On Moms’ Equal Pay Day, We Demand an End to Wage Discrimination and an Economy that Works for All of Us
“Today serves as a shameful reminder that year after year, being a mom remains an even greater predictor of wage discrimination in the United States than being a woman. And year after year, moms of color experience the widest, most damaging wage gaps due to structural racism. For every dollar paid to White dads in our country, moms are paid just 58 cents – and Latina moms are paid just 48 cents, Native American moms just 50 cents, and Black moms just 52 cents. (The wage gap calculation this year includes wages for part- as well as full-time moms and dads.) That’s unconscionable and forces many families into poverty.
“It is wrong that moms must work eight months into 2022 to be paid what white dads were paid in 2021 alone. That is especially appalling at this time when millions of moms have been denied access to abortion, losing our ability to decide whether, when, and how many children to have, which has immense economic as well as health consequences for moms and families.
“The wage discrimination moms face is sexist, racist, and extremely punitive. It is a reflection of a society that stigmatizes and punishes caregiving. When moms are shortchanged on their paychecks, the harm damages families, communities and our economy. This is a devastating systemic problem and an abject policy failure. We must close the wage gap for moms and for all women.”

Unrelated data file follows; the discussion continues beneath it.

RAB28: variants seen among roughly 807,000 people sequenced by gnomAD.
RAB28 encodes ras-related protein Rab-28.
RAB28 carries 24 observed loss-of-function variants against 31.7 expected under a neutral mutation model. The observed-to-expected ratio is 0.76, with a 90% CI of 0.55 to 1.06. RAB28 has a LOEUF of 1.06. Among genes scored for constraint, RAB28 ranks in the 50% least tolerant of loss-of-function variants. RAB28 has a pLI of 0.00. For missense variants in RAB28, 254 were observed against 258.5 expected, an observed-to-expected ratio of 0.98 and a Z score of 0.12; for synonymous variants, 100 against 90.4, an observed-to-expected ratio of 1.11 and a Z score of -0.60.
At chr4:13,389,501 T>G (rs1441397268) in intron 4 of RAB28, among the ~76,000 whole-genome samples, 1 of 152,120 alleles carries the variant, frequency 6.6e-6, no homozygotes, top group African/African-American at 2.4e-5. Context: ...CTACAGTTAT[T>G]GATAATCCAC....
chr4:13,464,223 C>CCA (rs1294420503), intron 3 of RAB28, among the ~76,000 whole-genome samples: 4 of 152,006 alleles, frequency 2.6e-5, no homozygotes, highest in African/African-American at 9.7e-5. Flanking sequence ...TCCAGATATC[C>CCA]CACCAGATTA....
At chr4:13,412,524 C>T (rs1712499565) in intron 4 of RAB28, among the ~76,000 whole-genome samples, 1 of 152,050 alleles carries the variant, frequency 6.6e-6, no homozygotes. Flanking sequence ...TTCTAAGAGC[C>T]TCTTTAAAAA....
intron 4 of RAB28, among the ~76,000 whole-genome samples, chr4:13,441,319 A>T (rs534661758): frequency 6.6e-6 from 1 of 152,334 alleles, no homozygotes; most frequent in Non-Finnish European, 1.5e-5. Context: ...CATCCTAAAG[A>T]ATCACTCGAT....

-Statement of Ruth Martin, Senior Vice President and Chief Workplace Justice Officer, MomsRising
“Unless Congress takes action to address the root causes of pay discrimination, these appalling wage gaps will continue. It is long past time for progress.
“The U.S. Senate must join the U.S. House in passing the Paycheck Fairness Act, which would close loopholes in the nearly 60-year-old Equal Pay Act, as well as the Pregnant Workers Fairness Act, so no pregnant worker has to choose between her health and her job. We need paid family and medical leave for all working people, quality home- and community-based services and child care that is affordable for all families, and living wages for all care workers.
“Simply put, we must build an economy that works for working moms, and that includes raising the minimum wage and creating a pathway to citizenship for all care workers, many of whom are immigrants, and restoring access to abortion. The majority of states with abortion bans have gender wage gaps above the national average, making it especially urgent that state lawmakers, too, take action to stop wage discrimination against women and moms.
“America’s moms are fired up and fighting for progress. We will continue to use our voices and our votes to demand fair pay and an end to structural racism and sexism. It’s long overdue.”
-Statement of Kristin Rowe-Finkbeiner, Executive Director and CEO, MomsRising